Then comes a line that tells readers “In China, the unique strength of Traditional Chinese Medicine (TCM) has been leveraged in COVID-19 treatment (emphasis added).” That modifier, and the massive claim about the strength of traditional Chinese medicine it implies, is only justified by an indirect quote from Huang Luqi, deputy head of China’s National Administration of Traditional Chinese Medicine. No counter argument is offered.
What follows from there is a section titled “TARGETED RESPONSE FOR KEY GROUPS,” which tells readers that “key population groups have been given greater attention.” This is backed up with information about the “State Council inter-agency task force for COVID-19 response” releasing a circular stating that “Healthcare supplies containing medicine and antigen test kits will be distributed to the vulnerable groups” and “requir[ing] fast-track referrals for highly vulnerable infection cases to upper-tier hospitals.”
And finally there is a section titled “BETTER TRIAGE TO SCREEN FOR SEVERE CASES.” This outlines “an all-out campaign to identify potential risks at the most grassroots level,” and offers the details that “Local officials and rural doctors have placed highly vulnerable groups of people, such as those at an advanced age or with underlying conditions, under grid-based management, monitoring their health every day via WeChat, telephone, and other means.” It also says that “More clinics have been opened at grassroots medical and health institutions, which sort out patients according to the severity of their conditions and give priority to severe cases.” It does not say how many more.
Reading this, what do we learn about COVID treatment in China right now? We get a couple of examples of how vulnerable groups are being prioritized. The statistic that the number of intensive care beds per 100,000 inhabitants reached 12.8 by the end of 2022 is the only real piece of pure information in the piece, and it’s missing any point of comparison. The rest of the piece is overwhelmingly a set of warm words about a government “trying its best” (a concept which is not quantified.)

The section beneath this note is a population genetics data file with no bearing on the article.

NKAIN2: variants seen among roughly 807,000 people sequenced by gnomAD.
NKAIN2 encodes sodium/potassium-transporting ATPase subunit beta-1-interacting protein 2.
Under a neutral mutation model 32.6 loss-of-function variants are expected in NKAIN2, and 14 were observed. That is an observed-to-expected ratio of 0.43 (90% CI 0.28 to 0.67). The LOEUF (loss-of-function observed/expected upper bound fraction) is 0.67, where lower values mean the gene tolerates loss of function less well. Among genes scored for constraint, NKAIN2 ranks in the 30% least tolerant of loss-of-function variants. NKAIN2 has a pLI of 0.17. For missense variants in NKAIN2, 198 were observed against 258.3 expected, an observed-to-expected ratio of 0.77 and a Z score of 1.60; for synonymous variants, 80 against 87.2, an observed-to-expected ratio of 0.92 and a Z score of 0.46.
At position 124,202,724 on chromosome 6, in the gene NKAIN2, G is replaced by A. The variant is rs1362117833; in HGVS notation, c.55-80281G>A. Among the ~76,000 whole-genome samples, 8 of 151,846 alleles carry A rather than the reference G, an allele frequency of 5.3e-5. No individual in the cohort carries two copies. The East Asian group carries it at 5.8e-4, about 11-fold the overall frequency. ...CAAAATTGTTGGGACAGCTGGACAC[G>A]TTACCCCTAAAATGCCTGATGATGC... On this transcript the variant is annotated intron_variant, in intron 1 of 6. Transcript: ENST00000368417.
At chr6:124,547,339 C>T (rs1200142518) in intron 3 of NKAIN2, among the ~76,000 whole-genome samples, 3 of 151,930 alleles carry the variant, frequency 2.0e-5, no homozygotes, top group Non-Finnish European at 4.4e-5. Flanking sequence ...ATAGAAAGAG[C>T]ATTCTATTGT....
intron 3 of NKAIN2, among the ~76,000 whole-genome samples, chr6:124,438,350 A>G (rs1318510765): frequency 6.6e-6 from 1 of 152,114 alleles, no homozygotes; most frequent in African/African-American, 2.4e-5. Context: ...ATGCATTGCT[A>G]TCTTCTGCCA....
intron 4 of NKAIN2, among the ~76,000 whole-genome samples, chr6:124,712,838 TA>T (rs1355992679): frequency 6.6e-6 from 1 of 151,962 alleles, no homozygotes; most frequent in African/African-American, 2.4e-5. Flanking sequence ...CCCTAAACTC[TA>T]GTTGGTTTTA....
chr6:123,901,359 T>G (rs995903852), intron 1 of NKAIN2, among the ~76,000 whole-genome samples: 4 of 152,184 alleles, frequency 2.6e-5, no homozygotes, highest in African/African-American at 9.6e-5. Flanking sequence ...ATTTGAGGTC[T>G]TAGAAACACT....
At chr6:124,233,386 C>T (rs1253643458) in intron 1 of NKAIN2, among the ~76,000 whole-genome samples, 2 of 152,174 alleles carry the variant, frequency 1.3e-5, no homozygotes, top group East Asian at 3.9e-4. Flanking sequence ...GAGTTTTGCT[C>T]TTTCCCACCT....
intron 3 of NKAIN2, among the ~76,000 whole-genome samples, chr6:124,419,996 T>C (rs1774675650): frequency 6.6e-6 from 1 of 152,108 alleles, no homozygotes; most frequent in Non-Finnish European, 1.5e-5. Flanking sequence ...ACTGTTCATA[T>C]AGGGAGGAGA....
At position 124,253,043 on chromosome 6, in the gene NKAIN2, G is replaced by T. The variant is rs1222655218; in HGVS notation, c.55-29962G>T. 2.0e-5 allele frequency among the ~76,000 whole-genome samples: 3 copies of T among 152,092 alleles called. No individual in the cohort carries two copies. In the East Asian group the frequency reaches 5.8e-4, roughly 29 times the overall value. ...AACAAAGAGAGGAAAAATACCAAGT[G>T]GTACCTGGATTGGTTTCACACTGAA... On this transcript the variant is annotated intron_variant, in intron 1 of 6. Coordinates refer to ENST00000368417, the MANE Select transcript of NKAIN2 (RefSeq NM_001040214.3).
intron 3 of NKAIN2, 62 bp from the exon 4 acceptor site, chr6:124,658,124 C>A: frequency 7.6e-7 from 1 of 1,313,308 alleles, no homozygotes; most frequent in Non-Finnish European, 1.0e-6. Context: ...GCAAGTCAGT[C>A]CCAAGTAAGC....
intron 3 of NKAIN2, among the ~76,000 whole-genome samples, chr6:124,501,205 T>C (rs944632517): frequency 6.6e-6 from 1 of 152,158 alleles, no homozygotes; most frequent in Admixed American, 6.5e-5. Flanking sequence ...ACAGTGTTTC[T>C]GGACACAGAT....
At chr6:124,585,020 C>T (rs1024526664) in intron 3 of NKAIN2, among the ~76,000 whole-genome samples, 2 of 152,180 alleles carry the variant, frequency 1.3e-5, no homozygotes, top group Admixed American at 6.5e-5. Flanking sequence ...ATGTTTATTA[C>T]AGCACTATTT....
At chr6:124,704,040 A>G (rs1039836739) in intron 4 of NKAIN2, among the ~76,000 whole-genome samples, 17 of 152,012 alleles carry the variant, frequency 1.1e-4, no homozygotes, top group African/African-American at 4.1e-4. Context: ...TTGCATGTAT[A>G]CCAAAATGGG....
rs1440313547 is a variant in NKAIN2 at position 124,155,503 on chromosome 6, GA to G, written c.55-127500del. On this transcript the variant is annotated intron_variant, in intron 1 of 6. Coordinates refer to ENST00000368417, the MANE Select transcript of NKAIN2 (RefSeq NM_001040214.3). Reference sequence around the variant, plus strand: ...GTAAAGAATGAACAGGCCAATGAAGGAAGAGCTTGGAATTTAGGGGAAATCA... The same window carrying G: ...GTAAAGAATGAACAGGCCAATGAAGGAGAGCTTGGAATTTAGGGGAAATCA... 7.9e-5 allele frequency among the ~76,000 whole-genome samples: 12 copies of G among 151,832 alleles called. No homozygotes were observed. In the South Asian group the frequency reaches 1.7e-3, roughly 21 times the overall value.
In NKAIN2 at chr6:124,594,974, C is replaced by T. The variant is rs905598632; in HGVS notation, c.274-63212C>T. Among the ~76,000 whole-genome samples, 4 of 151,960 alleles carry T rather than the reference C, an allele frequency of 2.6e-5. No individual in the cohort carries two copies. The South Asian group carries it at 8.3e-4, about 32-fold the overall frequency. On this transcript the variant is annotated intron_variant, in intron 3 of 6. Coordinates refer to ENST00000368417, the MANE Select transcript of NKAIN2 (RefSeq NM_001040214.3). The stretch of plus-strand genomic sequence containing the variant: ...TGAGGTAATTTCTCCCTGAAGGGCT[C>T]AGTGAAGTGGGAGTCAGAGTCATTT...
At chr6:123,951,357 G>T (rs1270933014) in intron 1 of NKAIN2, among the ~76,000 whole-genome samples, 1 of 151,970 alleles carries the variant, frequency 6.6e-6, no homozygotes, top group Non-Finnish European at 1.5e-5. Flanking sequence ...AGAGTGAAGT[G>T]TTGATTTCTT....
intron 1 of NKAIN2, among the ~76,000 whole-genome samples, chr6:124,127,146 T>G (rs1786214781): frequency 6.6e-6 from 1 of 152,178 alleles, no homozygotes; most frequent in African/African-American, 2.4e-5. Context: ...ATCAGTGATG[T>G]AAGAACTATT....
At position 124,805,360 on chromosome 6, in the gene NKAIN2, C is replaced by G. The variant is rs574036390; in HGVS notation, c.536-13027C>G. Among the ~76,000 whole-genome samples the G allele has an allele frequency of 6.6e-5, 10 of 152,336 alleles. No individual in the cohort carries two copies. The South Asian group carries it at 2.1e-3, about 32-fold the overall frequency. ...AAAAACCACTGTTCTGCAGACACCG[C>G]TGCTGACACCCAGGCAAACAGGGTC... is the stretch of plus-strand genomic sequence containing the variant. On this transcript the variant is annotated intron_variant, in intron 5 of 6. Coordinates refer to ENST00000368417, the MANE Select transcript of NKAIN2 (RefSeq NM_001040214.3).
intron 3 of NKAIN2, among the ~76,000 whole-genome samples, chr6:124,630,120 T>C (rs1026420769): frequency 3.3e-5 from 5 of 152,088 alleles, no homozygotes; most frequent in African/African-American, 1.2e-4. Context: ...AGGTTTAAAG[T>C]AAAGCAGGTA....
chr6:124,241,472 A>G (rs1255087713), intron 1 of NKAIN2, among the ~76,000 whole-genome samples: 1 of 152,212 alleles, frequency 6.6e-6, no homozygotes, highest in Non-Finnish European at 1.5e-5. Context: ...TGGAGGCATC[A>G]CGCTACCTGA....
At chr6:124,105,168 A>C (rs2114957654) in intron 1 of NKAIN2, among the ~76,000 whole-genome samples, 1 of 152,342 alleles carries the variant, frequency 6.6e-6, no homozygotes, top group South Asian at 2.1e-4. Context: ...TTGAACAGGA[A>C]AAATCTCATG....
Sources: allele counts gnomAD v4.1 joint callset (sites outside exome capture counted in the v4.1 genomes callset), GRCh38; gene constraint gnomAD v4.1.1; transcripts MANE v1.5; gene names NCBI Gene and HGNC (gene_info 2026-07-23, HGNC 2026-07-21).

Now, of course, looking at the Xinhua piece in critical terms like this should not suggest that other countries’ news agencies are somehow neutral. One cannot include all facts about everything simultaneously, and as such every issue has to be framed by a selection of facts. Furthermore, editorial decisions that look like “balance” can be misleading, because in selecting “sides” of an argument to show, news can give the impression that it is showing every available position, when really it is showing very similar positions which share many of the same assumptions (the equivalent of asking a child if they want one piece of broccoli or two — they’re getting broccoli either way.) These are rightly contentious issues. The BBC’s coverage of the 2008 financial crisis has been devastatingly critiqued on these terms, for instance, with it effectively spending the period asking different bankers for their solutions to a crisis caused by banks. One might even argue that the more subtle art of framing in this way is actually more insidious, because it’s harder for the layman to identify what’s going on.
However, whatever you position on what is the most insidious kind of bias, no-one can really argue that this Xinhua piece is useful for learning about the world — except for telling us what the Chinese government would like us to think about its COVID efforts. It is, as promised, empty, pro-Chinese government stuff. If it’s representative of Xinhua’s broader content, it substantiates a lot of the claims about propaganda. And this isn’t a peripheral issue. Unlike other unsuccessful Chinese government media operations, Xinhua is expanding significantly.